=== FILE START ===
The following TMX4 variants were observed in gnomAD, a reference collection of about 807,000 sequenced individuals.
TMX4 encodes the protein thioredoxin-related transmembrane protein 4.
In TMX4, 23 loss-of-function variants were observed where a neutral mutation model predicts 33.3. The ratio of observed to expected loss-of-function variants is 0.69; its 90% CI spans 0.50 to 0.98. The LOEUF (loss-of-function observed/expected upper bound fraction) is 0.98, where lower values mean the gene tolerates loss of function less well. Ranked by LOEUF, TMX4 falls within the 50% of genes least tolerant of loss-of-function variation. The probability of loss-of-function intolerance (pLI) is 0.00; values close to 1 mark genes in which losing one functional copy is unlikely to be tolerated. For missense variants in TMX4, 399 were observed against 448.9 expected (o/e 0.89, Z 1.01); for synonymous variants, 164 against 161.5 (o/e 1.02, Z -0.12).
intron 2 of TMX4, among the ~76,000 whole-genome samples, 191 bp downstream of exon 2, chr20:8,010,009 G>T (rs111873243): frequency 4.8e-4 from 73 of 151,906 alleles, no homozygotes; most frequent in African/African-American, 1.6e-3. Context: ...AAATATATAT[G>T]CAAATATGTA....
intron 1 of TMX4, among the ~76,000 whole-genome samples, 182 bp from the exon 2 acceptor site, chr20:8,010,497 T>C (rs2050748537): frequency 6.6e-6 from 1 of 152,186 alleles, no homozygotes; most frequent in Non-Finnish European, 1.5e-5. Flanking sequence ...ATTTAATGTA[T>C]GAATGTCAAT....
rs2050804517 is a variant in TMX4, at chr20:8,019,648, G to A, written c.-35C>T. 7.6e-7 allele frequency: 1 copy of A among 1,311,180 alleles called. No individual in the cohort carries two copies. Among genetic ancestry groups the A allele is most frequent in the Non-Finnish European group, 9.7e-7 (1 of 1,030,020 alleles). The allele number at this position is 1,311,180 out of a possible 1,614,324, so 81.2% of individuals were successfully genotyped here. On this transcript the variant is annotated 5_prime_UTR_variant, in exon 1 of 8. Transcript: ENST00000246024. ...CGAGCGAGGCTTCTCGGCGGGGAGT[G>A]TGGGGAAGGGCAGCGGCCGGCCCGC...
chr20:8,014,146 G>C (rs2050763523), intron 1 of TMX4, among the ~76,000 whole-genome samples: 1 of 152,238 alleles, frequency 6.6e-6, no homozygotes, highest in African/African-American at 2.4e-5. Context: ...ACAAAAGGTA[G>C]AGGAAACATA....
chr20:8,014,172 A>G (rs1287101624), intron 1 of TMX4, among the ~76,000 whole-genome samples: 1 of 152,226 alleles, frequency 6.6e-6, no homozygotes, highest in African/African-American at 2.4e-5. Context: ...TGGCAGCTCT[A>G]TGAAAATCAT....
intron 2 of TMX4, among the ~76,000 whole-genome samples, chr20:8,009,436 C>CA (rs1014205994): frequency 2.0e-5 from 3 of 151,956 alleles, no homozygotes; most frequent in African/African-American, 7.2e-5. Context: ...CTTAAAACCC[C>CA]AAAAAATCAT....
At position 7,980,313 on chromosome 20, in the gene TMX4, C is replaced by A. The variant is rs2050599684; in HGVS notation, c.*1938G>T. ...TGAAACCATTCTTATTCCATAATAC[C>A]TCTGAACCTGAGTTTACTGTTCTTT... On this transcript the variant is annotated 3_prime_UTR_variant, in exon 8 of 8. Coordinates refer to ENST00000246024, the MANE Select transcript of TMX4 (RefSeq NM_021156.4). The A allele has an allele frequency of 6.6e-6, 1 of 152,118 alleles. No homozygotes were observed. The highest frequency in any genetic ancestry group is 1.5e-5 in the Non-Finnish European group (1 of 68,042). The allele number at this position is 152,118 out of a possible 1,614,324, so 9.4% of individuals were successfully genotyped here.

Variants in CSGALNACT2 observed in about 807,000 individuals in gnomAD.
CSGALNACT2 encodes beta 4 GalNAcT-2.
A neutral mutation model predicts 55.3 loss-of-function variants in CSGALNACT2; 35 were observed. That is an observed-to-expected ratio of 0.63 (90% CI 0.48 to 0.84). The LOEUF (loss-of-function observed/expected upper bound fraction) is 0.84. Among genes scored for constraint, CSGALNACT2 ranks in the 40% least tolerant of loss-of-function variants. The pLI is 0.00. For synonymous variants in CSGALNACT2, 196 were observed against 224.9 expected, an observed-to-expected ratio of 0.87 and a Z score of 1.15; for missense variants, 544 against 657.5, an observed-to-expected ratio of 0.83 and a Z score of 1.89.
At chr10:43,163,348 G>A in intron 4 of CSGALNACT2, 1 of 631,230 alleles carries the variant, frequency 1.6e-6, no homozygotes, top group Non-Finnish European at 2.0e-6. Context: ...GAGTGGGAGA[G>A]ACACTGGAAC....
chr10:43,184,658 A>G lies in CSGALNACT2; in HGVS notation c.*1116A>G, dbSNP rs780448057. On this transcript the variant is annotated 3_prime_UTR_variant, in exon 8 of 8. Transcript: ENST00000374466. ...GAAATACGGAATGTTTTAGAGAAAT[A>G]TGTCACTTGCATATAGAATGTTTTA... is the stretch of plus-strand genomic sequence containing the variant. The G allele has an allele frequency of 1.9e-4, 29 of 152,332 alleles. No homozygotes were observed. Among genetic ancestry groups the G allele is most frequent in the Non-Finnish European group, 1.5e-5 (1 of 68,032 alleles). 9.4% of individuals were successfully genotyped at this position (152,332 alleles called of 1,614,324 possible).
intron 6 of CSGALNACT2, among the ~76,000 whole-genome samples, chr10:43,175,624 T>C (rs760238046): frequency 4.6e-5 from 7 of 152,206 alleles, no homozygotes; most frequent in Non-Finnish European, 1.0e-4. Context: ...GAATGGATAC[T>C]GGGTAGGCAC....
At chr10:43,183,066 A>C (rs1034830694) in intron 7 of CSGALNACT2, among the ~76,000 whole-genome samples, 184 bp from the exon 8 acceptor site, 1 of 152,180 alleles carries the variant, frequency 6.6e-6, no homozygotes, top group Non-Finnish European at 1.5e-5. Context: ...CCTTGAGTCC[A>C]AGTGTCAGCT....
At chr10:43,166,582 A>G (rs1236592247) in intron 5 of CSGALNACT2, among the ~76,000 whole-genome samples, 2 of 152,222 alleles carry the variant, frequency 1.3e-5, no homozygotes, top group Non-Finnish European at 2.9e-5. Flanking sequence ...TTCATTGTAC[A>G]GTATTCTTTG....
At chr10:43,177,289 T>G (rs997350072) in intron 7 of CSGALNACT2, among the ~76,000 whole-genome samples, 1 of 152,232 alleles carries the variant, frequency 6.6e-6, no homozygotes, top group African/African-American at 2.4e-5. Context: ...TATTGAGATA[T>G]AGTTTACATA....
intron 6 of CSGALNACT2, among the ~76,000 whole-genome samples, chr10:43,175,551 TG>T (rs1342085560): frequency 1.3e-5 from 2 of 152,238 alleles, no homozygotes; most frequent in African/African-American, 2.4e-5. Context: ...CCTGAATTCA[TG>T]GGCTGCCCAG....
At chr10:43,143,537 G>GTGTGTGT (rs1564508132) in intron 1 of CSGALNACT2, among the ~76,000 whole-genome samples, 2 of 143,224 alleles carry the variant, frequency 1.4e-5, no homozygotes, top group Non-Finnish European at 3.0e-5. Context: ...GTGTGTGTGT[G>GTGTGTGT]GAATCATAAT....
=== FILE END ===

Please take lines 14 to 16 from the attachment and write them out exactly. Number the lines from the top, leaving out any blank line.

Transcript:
At chr10:43,163,348 G>A in intron 4 of CSGALNACT2, 1 of 631,230 alleles carries the variant, frequency 1.6e-6, no homozygotes, top group Non-Finnish European at 2.0e-6. Context: ...GAGTGGGAGA[G>A]ACACTGGAAC....
chr10:43,184,658 A>G lies in CSGALNACT2; in HGVS notation c.*1116A>G, dbSNP rs780448057. On this transcript the variant is annotated 3_prime_UTR_variant, in exon 8 of 8. Transcript: ENST00000374466. ...GAAATACGGAATGTTTTAGAGAAAT[A>G]TGTCACTTGCATATAGAATGTTTTA... is the stretch of plus-strand genomic sequence containing the variant. The G allele has an allele frequency of 1.9e-4, 29 of 152,332 alleles. No homozygotes were observed. Among genetic ancestry groups the G allele is most frequent in the Non-Finnish European group, 1.5e-5 (1 of 68,032 alleles). 9.4% of individuals were successfully genotyped at this position (152,332 alleles called of 1,614,324 possible).
intron 6 of CSGALNACT2, among the ~76,000 whole-genome samples, chr10:43,175,624 T>C (rs760238046): frequency 4.6e-5 from 7 of 152,206 alleles, no homozygotes; most frequent in Non-Finnish European, 1.0e-4. Context: ...GAATGGATAC[T>C]GGGTAGGCAC....